About Radon

Radon is an odorless, colorless, radioactive gas that occurs naturally from the breakdown of uranium in rocks, soil, and in some cases groundwater. Exposure can occur through breathing outdoor air, in buildings and homes, and by eating or drinking (ingestion). Radon can get into buildings by cracks in solid floors and walls, construction joints, gaps in suspended floors, gaps around service pipes, cavities inside walls or the water supply.1

Facts and Figures

  • 1 in 15 homes is estimated to have unsafe levels of radon.2
  • The average national indoor radon level is 1.3 pCi/L.3
  • The average indoor radon levels of Wayne County is 2.5 pCi/L.3
  • 17 percent of Wayne County homes have dangerous levels of radon at levels of 4 pCi/L or more.3


Radon is the number one cause of lung cancer among non-smokers, according to EPA estimates.  Overall, radon is the second leading cause of lung cancer.  Radon is responsible for about 21,000 lung cancer deaths every year.  About 2,900 of these deaths occur among people who have never smoked.4

Gain Control: Actions You Can Take

To help prevent health and safety risks due to radon, see below for suggested actions you can take4:

  • Prevent the radon from entering the home.
  • Reduce the level of radon after it has entered
  • Test your home for radon — it’s easy and inexpensive.
  • Fix your home if your radon level is 4 picocuries per liter, or pCi/L, or higher.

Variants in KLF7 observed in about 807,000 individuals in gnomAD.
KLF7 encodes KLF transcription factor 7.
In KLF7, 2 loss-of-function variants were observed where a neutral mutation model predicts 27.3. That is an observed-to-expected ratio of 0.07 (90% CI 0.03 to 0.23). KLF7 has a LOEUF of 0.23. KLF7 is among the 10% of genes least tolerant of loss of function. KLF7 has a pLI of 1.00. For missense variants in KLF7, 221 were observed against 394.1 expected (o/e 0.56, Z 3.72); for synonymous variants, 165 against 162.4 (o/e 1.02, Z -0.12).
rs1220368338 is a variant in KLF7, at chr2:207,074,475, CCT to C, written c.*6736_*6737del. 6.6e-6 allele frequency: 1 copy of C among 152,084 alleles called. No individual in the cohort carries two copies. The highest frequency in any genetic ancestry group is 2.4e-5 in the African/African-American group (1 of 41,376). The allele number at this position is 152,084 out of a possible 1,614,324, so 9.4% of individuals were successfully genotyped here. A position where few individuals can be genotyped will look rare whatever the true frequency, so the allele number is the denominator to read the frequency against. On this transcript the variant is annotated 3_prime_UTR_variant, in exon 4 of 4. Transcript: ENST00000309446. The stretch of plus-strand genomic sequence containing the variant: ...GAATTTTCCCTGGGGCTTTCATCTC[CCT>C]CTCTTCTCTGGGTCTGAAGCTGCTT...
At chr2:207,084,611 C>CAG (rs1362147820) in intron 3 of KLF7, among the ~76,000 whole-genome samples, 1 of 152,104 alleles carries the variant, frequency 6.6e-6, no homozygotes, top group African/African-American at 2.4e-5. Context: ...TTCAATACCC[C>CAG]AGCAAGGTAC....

• Radon levels less than 4 pCi/L still pose a risk, and in many cases may be reduced.
  • The U.S. Environmental Protection Agency (EPA) recommends that all homes be tested for radon. Radon detectors can be purchased or arrangements can be made for qualified testers to come into the home. Some states offer free or low-cost radon test kits.

Local Resources for Detroit Residents

For contact information of partner organizations that might be able to provide help with radon hazards in your home, visit our Get Help page.


1Centers for Disease Control and Prevention: Radon in the Home (http://www.cdc.gov/nceh/radiation/brochure/profile_radon.htm)
2United States Environmental Protection Agency: A Citizen’s Guide to Radon, 2012 (http://www.epa.gov/radon/pubs/citguide.html)
3Wayne County: Wayne County Radon Information (http://county-radon.info/MI/Wayne.html)
4United States Environmental Protection Agency: http://www.epa.gov/radon/